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One of the primary incentives provided in the BPCIA to engage in the “patent dance” is that if the applicant completes the dance and the reference product sponsor does not sue that 30-day period, as required by statue, infringement damages for patents that could have been asserted are limited to a reasonable royalty. So the patent dance, which takes about 6 months, in order to narrow down to those 2 lists, is designed in part as a vehicle to provide patent certainty for biosimilar applicants fairly early in the process, rather than allowing a reference product sponsor to bring suits later and potentially complicate the biosimilar launch process.

But with Sandoz, we’ve already seen that some biosimilar applicants would prefer to forego the patent dance entirely. Currently, the biosimilars in late-stage development are for blockbuster drugs that have been on the market since the 1990s. And because they’ve been on the market for so long, many are covered by only a handful of unexpired patents. So under those circumstances, biosimilar applicants may not see any incentive to participate in this dance.

With Amgen’s Humira biosimilar, on the other hand, we’ve seen them engage in the BPCIA disclosures and set up this 2-stage litigation. And in that case, Amgen would likely have decided to participate in the patent dance with AbbVie if their application had been accepted by the FDA after the Supreme Court’s ruling with Sandoz.

The reason why, is because AbbVie has close to 100 patents on Humira, some covering methods of use, some covering formulations, and some covering process technologies. Some of those patents may be more important than others, and Amgen might have likely liked to use the BPCIA to kind of narrow the patents at issue—make sure they know which ones are the most important. Now, in that scenario, both the BLA holder and the biosimilar gains additional certainty.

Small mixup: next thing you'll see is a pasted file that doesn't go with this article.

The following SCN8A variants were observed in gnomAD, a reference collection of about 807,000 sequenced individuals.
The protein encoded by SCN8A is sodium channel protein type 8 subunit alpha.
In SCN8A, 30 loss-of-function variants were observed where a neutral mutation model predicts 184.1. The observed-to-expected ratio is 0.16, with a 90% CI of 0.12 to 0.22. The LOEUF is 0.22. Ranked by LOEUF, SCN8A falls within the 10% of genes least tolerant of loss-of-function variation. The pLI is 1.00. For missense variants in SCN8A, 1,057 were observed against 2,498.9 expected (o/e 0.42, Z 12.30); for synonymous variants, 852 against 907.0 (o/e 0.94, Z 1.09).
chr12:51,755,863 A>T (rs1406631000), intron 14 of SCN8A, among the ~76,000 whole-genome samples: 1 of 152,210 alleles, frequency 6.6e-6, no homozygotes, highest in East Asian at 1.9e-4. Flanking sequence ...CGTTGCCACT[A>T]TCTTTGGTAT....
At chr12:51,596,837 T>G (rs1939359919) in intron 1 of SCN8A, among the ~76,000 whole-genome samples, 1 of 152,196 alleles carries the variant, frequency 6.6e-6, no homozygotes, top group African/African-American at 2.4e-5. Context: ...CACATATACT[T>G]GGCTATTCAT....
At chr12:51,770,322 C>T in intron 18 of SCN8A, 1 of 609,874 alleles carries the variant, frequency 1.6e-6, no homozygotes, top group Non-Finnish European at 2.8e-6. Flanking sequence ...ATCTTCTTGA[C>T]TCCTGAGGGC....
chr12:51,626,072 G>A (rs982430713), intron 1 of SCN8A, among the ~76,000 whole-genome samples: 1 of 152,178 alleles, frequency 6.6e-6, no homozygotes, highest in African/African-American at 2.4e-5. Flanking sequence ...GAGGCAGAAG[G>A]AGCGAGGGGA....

Going forward, though, biosimilar applicants will begin targeting newer drugs not long after data exclusivity expires. Under those circumstances, with larger patent portfolios and longer expiration dates, the certainty that the patent dance provides could be valuable to biosimilar applicants.

And last, keep in mind that whether the biosimilar applicant is looking to get an interchangeable biosimilar may also impact their strategy, as interchangeables carry the additional incentive of potential exclusivity. And the FDA did release a new guidance this year, talking about what they might require to get interchangeable. So that may be the carrot that everyone’s looking for.

 

Ha Kung Wong has extensive experience litigating a wide variety of pharmaceutical cases, including those concerning biologics used to treat rheumatoid arthritis and autoimmune disorders. He also has extensive experience consulting, conducting due diligence and licensing pharmaceutical portfolios. Ha Kung has a B.S. in Biochemistry and a B.S. in Chemistry.

Methodology

Information contained in the Venable Fitzpatrick BiologicsHQ database relates to FDA-approved drug products listed in the CDER Purple Book or on the FDA website (www.fda.gov). Information relating to FDA licensed products, FDA-approved indications, and aBLA and 505(b)(2) applications is obtained from public sources including the U.S. FDA website (www.fda.gov). Information relating to litigations is given only for cases active from January 31, 2010 onward. Information relating to foreign biosimilar / biologics follow-on products approved in Australia, Canada, the E.U., Japan and South Korea is from public sources. Statistics graphics are compiled from information contained in the Venable Fitzpatrick BiologicsHQ database.

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